I've just spent a half an hour reading the list of talks accepted for PyCon 2009. I think the Program Committee has done an excellent job this year [full disclosure: I am notionally a member of the PC, but was unable to attend any of its selection meetings] and their choices will make this the best PyCon yet.
There's information about packaging Python applications, using Stackless to speed up massively multi-player games, OpenGL graphics, testing, giving presentations (and presentation technology), scientific applications, ... you name it.
I challenge anyone with a practical interest in Python to spend three days at PyCon and not find so much of interest that they would like to be in two places at once at least some of the time. With luck the quality and quantity of video coming from this year's conference will increase once more, but watching the videos is definitely no substitute for being there.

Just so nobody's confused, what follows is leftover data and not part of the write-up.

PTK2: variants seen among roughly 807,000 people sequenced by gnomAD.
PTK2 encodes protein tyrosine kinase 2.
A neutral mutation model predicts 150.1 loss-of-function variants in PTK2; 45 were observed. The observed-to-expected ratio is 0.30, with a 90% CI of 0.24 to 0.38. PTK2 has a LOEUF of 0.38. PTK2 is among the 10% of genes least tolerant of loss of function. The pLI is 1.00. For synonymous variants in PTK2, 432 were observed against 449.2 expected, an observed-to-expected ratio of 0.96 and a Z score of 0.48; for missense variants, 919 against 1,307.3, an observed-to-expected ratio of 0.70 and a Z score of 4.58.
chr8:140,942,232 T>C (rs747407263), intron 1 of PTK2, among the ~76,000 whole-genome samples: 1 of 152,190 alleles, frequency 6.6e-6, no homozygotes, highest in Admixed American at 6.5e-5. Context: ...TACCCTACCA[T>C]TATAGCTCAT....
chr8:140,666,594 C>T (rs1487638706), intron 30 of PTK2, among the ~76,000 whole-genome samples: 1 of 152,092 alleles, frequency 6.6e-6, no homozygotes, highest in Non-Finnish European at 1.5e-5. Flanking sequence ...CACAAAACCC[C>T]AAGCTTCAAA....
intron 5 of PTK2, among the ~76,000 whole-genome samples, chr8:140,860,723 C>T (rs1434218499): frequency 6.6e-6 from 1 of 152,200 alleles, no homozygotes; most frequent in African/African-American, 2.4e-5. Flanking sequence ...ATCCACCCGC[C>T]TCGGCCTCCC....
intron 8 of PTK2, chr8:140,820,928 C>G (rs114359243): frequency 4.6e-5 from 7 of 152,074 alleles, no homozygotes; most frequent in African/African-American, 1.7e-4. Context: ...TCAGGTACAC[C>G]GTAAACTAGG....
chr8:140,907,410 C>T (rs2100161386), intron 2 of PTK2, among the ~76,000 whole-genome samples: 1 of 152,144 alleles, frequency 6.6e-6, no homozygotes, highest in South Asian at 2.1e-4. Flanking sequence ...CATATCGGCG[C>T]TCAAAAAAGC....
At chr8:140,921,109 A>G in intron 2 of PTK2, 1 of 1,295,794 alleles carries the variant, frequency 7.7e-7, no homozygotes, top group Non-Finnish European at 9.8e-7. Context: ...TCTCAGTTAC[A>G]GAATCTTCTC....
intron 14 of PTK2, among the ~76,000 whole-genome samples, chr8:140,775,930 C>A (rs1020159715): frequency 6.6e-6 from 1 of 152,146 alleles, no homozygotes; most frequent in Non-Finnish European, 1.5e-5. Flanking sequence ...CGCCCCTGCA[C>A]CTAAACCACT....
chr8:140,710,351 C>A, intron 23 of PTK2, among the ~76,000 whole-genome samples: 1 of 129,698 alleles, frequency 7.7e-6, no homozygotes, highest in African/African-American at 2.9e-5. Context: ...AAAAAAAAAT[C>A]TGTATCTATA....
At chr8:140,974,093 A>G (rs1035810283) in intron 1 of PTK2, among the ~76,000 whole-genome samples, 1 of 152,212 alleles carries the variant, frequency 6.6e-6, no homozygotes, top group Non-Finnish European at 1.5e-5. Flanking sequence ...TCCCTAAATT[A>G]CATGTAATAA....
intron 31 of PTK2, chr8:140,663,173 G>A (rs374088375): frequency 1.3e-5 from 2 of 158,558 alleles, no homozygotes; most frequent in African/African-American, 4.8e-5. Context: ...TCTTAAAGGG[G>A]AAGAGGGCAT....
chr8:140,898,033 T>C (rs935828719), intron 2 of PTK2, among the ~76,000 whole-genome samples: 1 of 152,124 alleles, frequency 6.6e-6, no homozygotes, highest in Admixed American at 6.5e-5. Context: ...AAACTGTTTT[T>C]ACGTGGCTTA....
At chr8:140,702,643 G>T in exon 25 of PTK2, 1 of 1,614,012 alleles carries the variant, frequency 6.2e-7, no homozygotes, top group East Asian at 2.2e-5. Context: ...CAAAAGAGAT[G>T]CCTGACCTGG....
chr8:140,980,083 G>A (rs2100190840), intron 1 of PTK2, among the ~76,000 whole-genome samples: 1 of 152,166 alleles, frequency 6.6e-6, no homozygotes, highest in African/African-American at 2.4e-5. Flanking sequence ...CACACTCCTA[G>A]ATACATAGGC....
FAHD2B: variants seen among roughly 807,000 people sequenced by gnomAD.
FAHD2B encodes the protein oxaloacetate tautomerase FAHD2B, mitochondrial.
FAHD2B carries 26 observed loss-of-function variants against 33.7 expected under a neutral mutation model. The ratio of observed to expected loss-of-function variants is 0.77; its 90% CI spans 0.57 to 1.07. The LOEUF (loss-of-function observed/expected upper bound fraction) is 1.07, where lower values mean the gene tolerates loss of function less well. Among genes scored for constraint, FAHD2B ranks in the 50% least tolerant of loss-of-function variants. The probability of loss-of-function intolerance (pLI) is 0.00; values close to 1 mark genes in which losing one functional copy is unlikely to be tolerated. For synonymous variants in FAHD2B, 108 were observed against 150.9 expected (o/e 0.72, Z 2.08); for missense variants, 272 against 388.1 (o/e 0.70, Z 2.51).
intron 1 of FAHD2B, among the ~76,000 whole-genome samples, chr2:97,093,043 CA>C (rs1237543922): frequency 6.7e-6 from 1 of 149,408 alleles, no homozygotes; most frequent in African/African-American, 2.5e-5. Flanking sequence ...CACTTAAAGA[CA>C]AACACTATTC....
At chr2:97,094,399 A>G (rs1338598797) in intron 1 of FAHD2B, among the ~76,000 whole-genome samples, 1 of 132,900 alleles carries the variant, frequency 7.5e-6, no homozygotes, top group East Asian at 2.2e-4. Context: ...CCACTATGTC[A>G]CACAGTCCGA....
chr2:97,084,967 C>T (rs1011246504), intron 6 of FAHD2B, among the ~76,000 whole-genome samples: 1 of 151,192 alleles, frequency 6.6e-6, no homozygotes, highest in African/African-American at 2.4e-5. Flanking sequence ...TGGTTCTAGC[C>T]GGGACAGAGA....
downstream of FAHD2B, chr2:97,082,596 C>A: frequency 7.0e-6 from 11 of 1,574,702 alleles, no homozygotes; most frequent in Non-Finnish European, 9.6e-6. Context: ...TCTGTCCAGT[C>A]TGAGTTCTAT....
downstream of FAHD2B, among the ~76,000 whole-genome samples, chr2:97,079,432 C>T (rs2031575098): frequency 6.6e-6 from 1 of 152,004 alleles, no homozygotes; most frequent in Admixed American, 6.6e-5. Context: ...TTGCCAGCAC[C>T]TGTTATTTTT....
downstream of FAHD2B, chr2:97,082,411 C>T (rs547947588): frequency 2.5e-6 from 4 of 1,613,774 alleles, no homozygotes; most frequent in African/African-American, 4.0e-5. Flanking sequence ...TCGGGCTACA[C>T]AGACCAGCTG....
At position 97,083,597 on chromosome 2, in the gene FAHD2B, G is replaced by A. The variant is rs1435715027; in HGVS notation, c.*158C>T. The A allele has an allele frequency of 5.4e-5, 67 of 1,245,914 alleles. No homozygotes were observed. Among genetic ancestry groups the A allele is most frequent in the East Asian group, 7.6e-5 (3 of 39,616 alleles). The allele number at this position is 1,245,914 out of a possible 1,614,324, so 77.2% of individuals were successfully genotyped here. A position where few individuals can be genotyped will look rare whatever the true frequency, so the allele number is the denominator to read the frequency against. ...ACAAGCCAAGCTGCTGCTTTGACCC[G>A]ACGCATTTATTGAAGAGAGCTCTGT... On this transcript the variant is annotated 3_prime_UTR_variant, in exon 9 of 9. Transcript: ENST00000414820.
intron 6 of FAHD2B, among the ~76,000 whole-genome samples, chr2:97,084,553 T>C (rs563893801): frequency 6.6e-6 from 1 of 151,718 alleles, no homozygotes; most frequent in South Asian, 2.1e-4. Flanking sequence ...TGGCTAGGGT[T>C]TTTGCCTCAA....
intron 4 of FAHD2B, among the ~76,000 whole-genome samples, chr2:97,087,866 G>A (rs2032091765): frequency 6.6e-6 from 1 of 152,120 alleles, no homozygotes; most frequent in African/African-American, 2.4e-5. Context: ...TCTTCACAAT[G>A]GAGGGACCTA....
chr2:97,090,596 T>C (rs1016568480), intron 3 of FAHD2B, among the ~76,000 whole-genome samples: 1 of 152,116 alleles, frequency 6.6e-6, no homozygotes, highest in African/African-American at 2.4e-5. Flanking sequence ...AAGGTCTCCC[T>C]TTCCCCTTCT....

PyCon is the most enjoyable conference I attend, and a jewel even among open source conferences. I haven't missed a single one so far, and I am not about to start this year. Be there!
[Note to speakers: every year PyCon offers help to speakers, both experienced and inexperienced, to help them be more effective presenters. Please take advantage of this facility, particularly if you are new to presenting at conferences: it can really help].